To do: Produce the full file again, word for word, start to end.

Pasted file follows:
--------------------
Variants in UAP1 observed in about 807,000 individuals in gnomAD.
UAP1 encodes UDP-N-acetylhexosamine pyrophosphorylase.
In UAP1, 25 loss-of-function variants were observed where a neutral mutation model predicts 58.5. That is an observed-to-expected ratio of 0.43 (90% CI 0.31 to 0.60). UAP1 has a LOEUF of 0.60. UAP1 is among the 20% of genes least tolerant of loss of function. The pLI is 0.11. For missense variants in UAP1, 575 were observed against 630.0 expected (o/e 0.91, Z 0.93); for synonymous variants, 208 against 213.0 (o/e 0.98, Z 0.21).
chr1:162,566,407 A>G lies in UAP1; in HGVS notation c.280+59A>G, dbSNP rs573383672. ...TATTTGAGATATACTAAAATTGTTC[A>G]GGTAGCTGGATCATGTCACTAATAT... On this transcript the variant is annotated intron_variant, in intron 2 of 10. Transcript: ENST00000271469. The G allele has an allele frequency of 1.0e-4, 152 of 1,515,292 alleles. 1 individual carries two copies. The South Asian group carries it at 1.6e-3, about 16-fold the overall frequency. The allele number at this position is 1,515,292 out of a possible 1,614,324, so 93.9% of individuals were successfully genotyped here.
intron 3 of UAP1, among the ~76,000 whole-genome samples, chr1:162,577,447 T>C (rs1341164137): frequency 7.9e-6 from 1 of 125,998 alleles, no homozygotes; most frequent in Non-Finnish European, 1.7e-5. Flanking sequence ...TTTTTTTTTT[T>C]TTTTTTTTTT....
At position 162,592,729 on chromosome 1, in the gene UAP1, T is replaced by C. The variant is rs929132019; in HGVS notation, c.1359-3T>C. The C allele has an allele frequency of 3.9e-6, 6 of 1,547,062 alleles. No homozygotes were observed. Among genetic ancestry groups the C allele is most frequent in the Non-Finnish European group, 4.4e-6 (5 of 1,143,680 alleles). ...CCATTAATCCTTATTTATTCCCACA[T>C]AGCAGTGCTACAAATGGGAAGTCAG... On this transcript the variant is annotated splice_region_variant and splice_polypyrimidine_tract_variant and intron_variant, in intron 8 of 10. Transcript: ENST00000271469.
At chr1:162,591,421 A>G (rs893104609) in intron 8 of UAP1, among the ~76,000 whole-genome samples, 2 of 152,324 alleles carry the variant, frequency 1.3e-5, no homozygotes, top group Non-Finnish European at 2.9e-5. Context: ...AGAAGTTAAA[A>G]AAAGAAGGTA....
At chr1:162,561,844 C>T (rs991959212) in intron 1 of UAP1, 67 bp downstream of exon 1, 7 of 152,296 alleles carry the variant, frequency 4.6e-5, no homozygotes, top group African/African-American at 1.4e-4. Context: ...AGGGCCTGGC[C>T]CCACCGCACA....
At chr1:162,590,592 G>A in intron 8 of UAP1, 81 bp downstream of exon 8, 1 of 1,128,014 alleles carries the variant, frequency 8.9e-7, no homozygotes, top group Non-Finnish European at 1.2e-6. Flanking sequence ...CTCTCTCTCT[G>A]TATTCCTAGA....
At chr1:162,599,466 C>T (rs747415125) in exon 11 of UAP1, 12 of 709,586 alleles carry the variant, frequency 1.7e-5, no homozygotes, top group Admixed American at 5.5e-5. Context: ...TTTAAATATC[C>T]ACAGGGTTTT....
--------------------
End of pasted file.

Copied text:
Variants in UAP1 observed in about 807,000 individuals in gnomAD.
UAP1 encodes UDP-N-acetylhexosamine pyrophosphorylase.
In UAP1, 25 loss-of-function variants were observed where a neutral mutation model predicts 58.5. That is an observed-to-expected ratio of 0.43 (90% CI 0.31 to 0.60). UAP1 has a LOEUF of 0.60. UAP1 is among the 20% of genes least tolerant of loss of function. The pLI is 0.11. For missense variants in UAP1, 575 were observed against 630.0 expected (o/e 0.91, Z 0.93); for synonymous variants, 208 against 213.0 (o/e 0.98, Z 0.21).
chr1:162,566,407 A>G lies in UAP1; in HGVS notation c.280+59A>G, dbSNP rs573383672. ...TATTTGAGATATACTAAAATTGTTC[A>G]GGTAGCTGGATCATGTCACTAATAT... On this transcript the variant is annotated intron_variant, in intron 2 of 10. Transcript: ENST00000271469. The G allele has an allele frequency of 1.0e-4, 152 of 1,515,292 alleles. 1 individual carries two copies. The South Asian group carries it at 1.6e-3, about 16-fold the overall frequency. The allele number at this position is 1,515,292 out of a possible 1,614,324, so 93.9% of individuals were successfully genotyped here.
intron 3 of UAP1, among the ~76,000 whole-genome samples, chr1:162,577,447 T>C (rs1341164137): frequency 7.9e-6 from 1 of 125,998 alleles, no homozygotes; most frequent in Non-Finnish European, 1.7e-5. Flanking sequence ...TTTTTTTTTT[T>C]TTTTTTTTTT....
At position 162,592,729 on chromosome 1, in the gene UAP1, T is replaced by C. The variant is rs929132019; in HGVS notation, c.1359-3T>C. The C allele has an allele frequency of 3.9e-6, 6 of 1,547,062 alleles. No homozygotes were observed. Among genetic ancestry groups the C allele is most frequent in the Non-Finnish European group, 4.4e-6 (5 of 1,143,680 alleles). ...CCATTAATCCTTATTTATTCCCACA[T>C]AGCAGTGCTACAAATGGGAAGTCAG... On this transcript the variant is annotated splice_region_variant and splice_polypyrimidine_tract_variant and intron_variant, in intron 8 of 10. Transcript: ENST00000271469.
At chr1:162,591,421 A>G (rs893104609) in intron 8 of UAP1, among the ~76,000 whole-genome samples, 2 of 152,324 alleles carry the variant, frequency 1.3e-5, no homozygotes, top group Non-Finnish European at 2.9e-5. Context: ...AGAAGTTAAA[A>G]AAAGAAGGTA....
At chr1:162,561,844 C>T (rs991959212) in intron 1 of UAP1, 67 bp downstream of exon 1, 7 of 152,296 alleles carry the variant, frequency 4.6e-5, no homozygotes, top group African/African-American at 1.4e-4. Context: ...AGGGCCTGGC[C>T]CCACCGCACA....
At chr1:162,590,592 G>A in intron 8 of UAP1, 81 bp downstream of exon 8, 1 of 1,128,014 alleles carries the variant, frequency 8.9e-7, no homozygotes, top group Non-Finnish European at 1.2e-6. Flanking sequence ...CTCTCTCTCT[G>A]TATTCCTAGA....
At chr1:162,599,466 C>T (rs747415125) in exon 11 of UAP1, 12 of 709,586 alleles carry the variant, frequency 1.7e-5, no homozygotes, top group Admixed American at 5.5e-5. Context: ...TTTAAATATC[C>T]ACAGGGTTTT....